Grammatical competence constitutes an important component of communicative ability, the acquisition of which takes sustained effort, resilience, and planning, otherwise known as the capacity for self-regulated learning. It follows that assessing the self-regulatory capacity in grammar learning (SRCgram) is of prime importance. This paper reports on the development and validation of a scale for measuring SRCgram. Focus group interviews were conducted with 26 participants and a pool of 52 items was created and piloted. Exploratory and confirmatory factor analyses were then conducted to examine the psychometric properties of the instrument. Preliminary fit indices, internal structure fit of the model, and overall model fit provided evidence for the validity of the scale. In addition, the SRCgram scale appeared to be unidimensional and of satisfactory reliability. Thus, SRCgram scale can be proposed as a diagnostic and self-assessment tool to be used by EFL teachers and learners to diagnose, assess, and foster self-regulation in grammar learning.
Regarding problems with traditional models of instruction, EFL learners need to exercise innovative models of learning. For this purpose, flipped classroom instruction may render an effective learning environment. The purpose of this study was to determine how flipped instruction may increase learners’ engagement. Therefore, 100 Iranian EFL intermediate students, selected based on convenience sampling, participated in this study. The students were then randomly assigned to the experimental (n=50) and control group (n=50). Those in the experimental group were instructed by a flipped classroom model for 10 sessions, while the control group participants were instructed on traditional methods. Before and after treatment, all the participants filled out the “Classroom Engagement Inventory” by Wang, Bergin, and Bergin (2014) which served as the pre and post-tests. A repeated measures ANCOVA was conducted to analyze the pre and post-tests of the experimental and control groups. The results indicated that the students' level of engagement in the experimental group increased in comparison to the performance of the students in the control group. Moreover, a semi-structured interview was conducted to find out students' perceptions of this model. Thematic analysis of the interview indicated that the students had positive perceptions of the model; believed that classroom and home activities remarkably increased their engagement; and preferred the role of the teacher in a flipped classroom than in a traditional one. It can be implicated that educators need to focus on the innovative methods of instruction by utilizing different technological tools.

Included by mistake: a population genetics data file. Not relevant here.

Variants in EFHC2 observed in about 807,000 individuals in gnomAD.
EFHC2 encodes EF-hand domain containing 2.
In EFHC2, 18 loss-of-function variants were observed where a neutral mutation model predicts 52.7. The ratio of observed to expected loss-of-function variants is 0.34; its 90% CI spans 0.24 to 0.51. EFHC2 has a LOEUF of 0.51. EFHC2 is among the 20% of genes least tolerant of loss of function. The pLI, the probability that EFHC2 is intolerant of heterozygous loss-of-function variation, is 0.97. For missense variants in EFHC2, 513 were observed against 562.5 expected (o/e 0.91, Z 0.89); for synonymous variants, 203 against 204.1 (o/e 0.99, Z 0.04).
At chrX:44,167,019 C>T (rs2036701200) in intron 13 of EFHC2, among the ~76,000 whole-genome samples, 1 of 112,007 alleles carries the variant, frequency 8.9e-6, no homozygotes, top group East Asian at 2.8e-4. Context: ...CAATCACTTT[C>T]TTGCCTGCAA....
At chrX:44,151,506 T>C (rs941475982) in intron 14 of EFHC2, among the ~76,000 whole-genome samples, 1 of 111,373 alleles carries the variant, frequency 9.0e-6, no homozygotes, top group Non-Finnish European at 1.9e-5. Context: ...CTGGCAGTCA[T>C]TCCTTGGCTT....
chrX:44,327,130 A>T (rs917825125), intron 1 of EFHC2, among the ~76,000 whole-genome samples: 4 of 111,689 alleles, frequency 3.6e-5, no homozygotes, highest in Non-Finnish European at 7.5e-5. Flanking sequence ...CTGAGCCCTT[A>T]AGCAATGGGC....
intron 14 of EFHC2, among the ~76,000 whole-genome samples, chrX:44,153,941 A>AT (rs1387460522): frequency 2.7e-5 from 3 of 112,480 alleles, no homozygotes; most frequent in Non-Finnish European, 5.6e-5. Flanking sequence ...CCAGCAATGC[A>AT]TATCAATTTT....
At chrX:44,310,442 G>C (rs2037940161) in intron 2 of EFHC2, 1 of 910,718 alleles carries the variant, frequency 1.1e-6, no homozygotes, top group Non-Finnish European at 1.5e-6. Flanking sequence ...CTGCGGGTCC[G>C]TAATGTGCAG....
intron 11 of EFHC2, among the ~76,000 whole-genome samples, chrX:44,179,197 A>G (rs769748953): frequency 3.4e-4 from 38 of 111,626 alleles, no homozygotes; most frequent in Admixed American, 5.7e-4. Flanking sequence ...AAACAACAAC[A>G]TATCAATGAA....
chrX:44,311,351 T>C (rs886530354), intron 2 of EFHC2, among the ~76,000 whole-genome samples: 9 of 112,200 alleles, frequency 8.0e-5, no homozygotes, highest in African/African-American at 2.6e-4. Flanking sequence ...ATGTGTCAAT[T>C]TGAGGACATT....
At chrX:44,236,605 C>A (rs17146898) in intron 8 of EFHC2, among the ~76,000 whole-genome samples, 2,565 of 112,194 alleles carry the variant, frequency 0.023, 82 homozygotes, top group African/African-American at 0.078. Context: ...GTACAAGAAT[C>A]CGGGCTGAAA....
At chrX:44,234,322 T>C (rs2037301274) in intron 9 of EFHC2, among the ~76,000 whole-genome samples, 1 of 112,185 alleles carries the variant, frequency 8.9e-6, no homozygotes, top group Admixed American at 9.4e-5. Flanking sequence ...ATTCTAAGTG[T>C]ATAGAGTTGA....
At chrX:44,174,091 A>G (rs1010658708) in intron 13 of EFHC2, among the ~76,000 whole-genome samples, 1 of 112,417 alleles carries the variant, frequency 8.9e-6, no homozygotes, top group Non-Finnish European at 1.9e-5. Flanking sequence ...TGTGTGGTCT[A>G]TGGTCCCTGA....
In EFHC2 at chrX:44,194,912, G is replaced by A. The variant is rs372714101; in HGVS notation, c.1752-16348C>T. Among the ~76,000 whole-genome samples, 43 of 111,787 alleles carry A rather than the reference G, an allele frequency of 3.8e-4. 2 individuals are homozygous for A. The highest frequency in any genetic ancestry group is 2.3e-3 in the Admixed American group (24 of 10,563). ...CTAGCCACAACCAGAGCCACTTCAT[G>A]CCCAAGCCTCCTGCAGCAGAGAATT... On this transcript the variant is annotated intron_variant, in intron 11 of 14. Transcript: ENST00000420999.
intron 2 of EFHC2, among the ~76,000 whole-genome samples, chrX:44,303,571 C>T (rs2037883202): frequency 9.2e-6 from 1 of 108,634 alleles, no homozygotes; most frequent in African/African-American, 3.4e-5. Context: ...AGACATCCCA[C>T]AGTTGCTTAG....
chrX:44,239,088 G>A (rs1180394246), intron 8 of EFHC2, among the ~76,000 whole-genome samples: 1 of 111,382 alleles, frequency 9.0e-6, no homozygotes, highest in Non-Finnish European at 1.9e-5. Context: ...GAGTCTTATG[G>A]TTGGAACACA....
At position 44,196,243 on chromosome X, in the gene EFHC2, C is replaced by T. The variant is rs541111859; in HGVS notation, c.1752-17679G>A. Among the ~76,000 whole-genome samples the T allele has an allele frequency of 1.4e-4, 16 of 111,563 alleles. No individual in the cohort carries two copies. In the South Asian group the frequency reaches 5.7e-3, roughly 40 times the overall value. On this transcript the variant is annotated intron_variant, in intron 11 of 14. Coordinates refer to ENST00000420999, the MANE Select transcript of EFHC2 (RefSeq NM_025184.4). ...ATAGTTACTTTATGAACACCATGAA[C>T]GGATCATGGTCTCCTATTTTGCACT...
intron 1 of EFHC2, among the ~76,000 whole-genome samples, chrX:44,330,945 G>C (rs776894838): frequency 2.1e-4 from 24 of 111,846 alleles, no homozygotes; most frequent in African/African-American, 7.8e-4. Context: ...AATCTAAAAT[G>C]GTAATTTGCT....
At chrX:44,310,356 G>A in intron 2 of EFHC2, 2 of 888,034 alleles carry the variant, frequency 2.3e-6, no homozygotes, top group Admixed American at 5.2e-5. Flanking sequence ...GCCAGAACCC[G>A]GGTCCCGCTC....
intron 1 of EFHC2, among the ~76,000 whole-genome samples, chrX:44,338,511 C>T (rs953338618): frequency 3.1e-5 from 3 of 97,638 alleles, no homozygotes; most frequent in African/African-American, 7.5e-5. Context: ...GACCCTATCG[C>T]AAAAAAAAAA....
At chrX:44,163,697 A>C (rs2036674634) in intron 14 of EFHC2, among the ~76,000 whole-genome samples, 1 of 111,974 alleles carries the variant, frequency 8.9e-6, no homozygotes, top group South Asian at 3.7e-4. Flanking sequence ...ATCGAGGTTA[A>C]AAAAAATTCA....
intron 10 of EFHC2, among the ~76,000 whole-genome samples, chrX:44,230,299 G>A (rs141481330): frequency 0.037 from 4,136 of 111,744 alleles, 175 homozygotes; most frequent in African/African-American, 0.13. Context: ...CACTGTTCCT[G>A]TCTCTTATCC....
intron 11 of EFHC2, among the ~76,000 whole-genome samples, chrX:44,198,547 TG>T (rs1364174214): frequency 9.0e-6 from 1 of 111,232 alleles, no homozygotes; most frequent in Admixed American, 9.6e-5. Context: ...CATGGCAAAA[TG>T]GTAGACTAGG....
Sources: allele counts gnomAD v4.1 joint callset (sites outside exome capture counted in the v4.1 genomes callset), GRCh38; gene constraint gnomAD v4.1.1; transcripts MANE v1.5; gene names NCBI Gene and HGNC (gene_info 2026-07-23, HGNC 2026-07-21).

Applying both teacher- and computer-generated feedback to foster EFL learners’ writing remains a less explored issue. The purpose of this study was two-fold. Firstly, it examined whether blending both online automated feedback (OAF) and teacher feedback had a significant effect on EFL learners’ writing ability or not. Secondly, it explored their perceptions on the use of the blended OAF and teacher feedback. To this end, this study employed a mixed-method design using essay writing, questionnaire, and interview to investigate the impact of blended OAF and teacher feedback on EFL learners’ writing ability in an essay writing course. Thirty intermediate EFL learners participated in the study; they were given the first writing pre-test, and then were assigned into experimental and control groups randomly. The experimental group was given access to the integrated OAF and teacher feedback on their two-paragraph problem-solution essay writing during the treatment phase while the control group received teacher-only feedback. The results of the independent samples t-test and RM ANOVA showed that the experimental group outperformed the control group in terms of the overall score for the two final essay writings, and also demonstrated a significant improvement in writing scores across four essays during the treatment. The qualitative data also revealed the participants’ positive perception towards the effectiveness of the blended OAF and teacher feedback on their writing. Overall, the findings of this study can contribute to a better understanding of the impact of the blended feedback in enhancing EFL learners’ writing ability.